Additionally, each year between Tax Year 2010 and Tax Year 2016, ROBERTS failed to report a substantial amount of the income he earned from multiple sources, including CDS Enterprises, the West Bank Beacon, Company A, and gambling winnings at casinos on his United States Individual Income Tax Return, Form 1040 (“Form 1040”).  With the help of a certified public accountant, ROBERTS filed initial returns for Tax Years 2010, 2011, 2012, and 2013, in September 2015, during a contested re-election campaign.  These returns underreported substantial income sources.  Despite failing to declare many of these sources of income on his federal income tax returns, ROBERTS disclosed most of them on the personal financial disclosure statements he completed and filed annually with the Louisiana Board of Ethics. 

In mid-2017, after ROBERTS learned of a federal criminal investigation into his federal income tax returns, he retained a different certified public accountant to prepare amended returns for Tax Years 2010, 2011, 2012, and 2013, as well as original federal income tax returns for Tax Years 2014, 2015, and 2016.  While his amended returns reported significantly more income that the initial income tax return, ROBERTS withheld substantial income sources from his these returns, as well.  For example, on September 14, 2015, ROBERTS filed his Tax Year 2013 federal income tax return in which he reported joint total income of $188,759.  On January 11, 2018, after learning of the federal investigation, ROBERTS filed an amended return that reported his joint total income was $568,957.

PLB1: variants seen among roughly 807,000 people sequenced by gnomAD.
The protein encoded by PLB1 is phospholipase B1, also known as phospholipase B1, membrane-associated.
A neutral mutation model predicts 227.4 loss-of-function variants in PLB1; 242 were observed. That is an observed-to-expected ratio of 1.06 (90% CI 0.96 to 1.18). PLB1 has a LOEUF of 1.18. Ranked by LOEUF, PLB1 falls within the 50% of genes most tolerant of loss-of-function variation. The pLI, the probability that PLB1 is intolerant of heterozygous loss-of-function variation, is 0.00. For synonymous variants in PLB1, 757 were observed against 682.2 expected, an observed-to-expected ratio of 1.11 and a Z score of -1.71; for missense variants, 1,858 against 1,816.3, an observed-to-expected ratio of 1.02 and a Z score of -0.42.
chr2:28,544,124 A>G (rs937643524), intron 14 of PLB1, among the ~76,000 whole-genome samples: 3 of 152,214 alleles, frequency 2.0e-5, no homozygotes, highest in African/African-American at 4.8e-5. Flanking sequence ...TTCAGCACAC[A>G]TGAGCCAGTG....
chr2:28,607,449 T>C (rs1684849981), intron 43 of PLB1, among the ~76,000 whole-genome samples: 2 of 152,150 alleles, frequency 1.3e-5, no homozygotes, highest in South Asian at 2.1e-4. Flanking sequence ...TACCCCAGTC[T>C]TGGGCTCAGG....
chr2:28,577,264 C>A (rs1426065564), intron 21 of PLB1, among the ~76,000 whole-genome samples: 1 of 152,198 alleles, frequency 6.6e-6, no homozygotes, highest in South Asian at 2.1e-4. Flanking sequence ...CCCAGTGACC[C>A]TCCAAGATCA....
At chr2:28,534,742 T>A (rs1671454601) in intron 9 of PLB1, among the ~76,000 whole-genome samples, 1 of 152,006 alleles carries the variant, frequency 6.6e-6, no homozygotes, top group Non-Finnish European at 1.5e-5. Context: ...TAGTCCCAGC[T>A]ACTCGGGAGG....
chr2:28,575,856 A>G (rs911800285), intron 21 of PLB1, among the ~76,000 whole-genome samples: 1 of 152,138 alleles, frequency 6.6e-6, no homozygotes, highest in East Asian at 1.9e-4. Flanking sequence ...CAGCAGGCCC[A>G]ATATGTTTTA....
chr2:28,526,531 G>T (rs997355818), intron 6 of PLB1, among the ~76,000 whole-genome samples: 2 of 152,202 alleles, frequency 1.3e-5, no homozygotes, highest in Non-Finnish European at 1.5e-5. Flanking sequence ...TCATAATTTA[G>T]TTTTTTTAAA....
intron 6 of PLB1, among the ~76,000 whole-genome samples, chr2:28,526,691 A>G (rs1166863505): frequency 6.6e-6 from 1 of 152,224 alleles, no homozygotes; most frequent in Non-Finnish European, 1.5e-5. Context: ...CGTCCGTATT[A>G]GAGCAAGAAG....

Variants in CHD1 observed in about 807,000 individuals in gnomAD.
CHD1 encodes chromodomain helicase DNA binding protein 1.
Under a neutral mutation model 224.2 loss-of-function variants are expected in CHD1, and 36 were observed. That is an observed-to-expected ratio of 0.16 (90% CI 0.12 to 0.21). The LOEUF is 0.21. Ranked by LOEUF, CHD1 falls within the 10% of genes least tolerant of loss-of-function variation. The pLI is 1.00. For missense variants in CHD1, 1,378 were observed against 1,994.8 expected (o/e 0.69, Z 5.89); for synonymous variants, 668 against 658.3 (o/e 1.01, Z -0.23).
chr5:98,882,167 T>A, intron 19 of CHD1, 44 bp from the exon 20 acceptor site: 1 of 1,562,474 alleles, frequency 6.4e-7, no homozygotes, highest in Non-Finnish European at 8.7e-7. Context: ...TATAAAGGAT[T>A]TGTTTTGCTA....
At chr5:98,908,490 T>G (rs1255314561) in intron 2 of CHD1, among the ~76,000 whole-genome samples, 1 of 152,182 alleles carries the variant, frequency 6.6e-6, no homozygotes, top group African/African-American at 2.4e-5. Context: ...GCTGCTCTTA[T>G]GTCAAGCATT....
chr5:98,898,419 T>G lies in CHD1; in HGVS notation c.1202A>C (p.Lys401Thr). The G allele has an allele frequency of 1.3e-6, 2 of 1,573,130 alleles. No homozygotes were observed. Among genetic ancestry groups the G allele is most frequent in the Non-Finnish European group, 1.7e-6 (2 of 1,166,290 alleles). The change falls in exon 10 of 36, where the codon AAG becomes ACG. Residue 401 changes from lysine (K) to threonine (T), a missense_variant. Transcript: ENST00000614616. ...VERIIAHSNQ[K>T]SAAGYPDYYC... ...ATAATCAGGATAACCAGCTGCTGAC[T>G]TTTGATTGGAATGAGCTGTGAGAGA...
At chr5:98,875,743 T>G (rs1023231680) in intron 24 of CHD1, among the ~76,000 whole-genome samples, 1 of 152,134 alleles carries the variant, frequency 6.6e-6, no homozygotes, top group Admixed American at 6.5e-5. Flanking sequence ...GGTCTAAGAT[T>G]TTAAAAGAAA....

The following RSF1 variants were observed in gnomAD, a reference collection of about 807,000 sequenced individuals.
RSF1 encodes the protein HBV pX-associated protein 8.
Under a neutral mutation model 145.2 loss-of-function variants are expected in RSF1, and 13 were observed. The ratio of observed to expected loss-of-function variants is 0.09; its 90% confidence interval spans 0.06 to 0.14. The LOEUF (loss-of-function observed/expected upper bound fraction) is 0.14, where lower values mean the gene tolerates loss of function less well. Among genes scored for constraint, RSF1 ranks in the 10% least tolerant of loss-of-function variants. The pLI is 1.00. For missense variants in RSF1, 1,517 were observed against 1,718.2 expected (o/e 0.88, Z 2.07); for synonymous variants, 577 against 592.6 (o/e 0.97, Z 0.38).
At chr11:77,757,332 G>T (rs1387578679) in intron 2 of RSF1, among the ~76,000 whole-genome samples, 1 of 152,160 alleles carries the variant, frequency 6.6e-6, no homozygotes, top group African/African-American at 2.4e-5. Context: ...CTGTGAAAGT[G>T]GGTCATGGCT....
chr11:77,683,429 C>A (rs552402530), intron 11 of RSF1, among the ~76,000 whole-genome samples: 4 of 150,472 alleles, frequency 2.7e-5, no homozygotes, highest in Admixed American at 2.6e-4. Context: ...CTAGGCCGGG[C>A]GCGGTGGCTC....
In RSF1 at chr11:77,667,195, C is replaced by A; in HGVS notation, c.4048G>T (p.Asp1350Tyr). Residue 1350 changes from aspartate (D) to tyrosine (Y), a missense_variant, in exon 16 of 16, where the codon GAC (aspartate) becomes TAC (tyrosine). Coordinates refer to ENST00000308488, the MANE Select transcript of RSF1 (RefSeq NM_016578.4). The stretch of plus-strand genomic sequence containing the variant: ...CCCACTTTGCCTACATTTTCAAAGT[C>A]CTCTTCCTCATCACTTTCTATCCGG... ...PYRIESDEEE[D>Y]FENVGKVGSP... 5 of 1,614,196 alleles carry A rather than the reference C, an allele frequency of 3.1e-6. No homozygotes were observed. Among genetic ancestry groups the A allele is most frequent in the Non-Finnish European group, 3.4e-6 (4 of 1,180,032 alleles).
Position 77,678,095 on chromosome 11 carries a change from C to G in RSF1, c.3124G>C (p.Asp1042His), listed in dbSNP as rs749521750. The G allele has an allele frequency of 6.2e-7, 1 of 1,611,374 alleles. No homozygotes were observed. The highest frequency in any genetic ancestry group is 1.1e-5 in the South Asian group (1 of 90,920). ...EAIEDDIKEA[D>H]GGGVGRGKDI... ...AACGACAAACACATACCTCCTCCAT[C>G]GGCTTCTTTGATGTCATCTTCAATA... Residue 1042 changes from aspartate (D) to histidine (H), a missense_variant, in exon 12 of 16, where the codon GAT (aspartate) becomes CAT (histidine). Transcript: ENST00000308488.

If convicted, ROBERTS faces a maximum term of 475 years in prison, a fine of up to $6,200,000, up to three (3) years of supervised release after imprisonment, and a mandatory $100 special assessment per count.

The United States Attorney’s Office reiterated that an Indictment is merely a charge and that the guilt of the defendant must be proven beyond a reasonable doubt.

The United States Attorney’s Office praised the work of the Federal Bureau of Investigation and Internal Revenue Service-Criminal Investigation in investigating this matter, with the assistance of the Metropolitan Crime Commission.  Assistant United States Attorney Jordan Ginsberg, supervisor of the Public Corruption Unit, and Assistant United States Attorney Myles Ranier are in charge of the prosecution.

Updated May 10, 2019

Public Corruption